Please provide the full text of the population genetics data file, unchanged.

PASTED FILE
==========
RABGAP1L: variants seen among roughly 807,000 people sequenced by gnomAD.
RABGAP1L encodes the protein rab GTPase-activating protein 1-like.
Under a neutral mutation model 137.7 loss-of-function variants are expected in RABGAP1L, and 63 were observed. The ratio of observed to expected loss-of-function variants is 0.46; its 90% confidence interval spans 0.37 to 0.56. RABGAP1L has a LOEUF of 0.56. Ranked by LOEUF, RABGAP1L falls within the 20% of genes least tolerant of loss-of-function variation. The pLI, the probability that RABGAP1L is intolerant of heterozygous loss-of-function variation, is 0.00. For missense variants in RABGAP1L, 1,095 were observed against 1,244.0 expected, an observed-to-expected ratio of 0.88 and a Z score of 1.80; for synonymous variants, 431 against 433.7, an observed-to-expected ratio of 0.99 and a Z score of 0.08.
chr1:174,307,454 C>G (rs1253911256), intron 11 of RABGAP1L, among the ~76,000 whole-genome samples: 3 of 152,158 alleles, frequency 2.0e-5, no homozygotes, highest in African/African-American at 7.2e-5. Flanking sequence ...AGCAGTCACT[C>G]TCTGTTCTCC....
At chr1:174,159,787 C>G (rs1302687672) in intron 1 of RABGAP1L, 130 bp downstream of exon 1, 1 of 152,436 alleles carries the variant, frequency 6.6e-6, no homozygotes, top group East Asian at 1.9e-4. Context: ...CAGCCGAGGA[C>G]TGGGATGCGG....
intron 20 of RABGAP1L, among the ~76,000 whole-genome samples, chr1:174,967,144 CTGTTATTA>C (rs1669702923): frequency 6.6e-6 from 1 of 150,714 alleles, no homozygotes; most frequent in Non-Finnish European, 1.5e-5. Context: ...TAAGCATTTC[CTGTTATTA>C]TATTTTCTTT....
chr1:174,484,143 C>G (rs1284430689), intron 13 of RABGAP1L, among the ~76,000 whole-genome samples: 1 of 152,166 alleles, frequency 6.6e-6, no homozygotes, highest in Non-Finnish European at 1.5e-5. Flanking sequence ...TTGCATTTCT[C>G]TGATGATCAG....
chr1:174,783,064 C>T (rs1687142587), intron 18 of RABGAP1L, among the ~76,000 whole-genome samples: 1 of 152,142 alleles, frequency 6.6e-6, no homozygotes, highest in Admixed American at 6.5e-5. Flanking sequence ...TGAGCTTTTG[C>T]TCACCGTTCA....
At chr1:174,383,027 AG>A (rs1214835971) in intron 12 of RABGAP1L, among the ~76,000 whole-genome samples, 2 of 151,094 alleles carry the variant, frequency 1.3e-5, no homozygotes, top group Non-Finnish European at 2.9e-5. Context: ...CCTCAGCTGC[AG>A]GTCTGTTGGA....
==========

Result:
RABGAP1L: variants seen among roughly 807,000 people sequenced by gnomAD.
RABGAP1L encodes the protein rab GTPase-activating protein 1-like.
Under a neutral mutation model 137.7 loss-of-function variants are expected in RABGAP1L, and 63 were observed. The ratio of observed to expected loss-of-function variants is 0.46; its 90% confidence interval spans 0.37 to 0.56. RABGAP1L has a LOEUF of 0.56. Ranked by LOEUF, RABGAP1L falls within the 20% of genes least tolerant of loss-of-function variation. The pLI, the probability that RABGAP1L is intolerant of heterozygous loss-of-function variation, is 0.00. For missense variants in RABGAP1L, 1,095 were observed against 1,244.0 expected, an observed-to-expected ratio of 0.88 and a Z score of 1.80; for synonymous variants, 431 against 433.7, an observed-to-expected ratio of 0.99 and a Z score of 0.08.
chr1:174,307,454 C>G (rs1253911256), intron 11 of RABGAP1L, among the ~76,000 whole-genome samples: 3 of 152,158 alleles, frequency 2.0e-5, no homozygotes, highest in African/African-American at 7.2e-5. Flanking sequence ...AGCAGTCACT[C>G]TCTGTTCTCC....
At chr1:174,159,787 C>G (rs1302687672) in intron 1 of RABGAP1L, 130 bp downstream of exon 1, 1 of 152,436 alleles carries the variant, frequency 6.6e-6, no homozygotes, top group East Asian at 1.9e-4. Context: ...CAGCCGAGGA[C>G]TGGGATGCGG....
intron 20 of RABGAP1L, among the ~76,000 whole-genome samples, chr1:174,967,144 CTGTTATTA>C (rs1669702923): frequency 6.6e-6 from 1 of 150,714 alleles, no homozygotes; most frequent in Non-Finnish European, 1.5e-5. Context: ...TAAGCATTTC[CTGTTATTA>C]TATTTTCTTT....
chr1:174,484,143 C>G (rs1284430689), intron 13 of RABGAP1L, among the ~76,000 whole-genome samples: 1 of 152,166 alleles, frequency 6.6e-6, no homozygotes, highest in Non-Finnish European at 1.5e-5. Flanking sequence ...TTGCATTTCT[C>G]TGATGATCAG....
chr1:174,783,064 C>T (rs1687142587), intron 18 of RABGAP1L, among the ~76,000 whole-genome samples: 1 of 152,142 alleles, frequency 6.6e-6, no homozygotes, highest in Admixed American at 6.5e-5. Flanking sequence ...TGAGCTTTTG[C>T]TCACCGTTCA....
At chr1:174,383,027 AG>A (rs1214835971) in intron 12 of RABGAP1L, among the ~76,000 whole-genome samples, 2 of 151,094 alleles carry the variant, frequency 1.3e-5, no homozygotes, top group Non-Finnish European at 2.9e-5. Context: ...CCTCAGCTGC[AG>A]GTCTGTTGGA....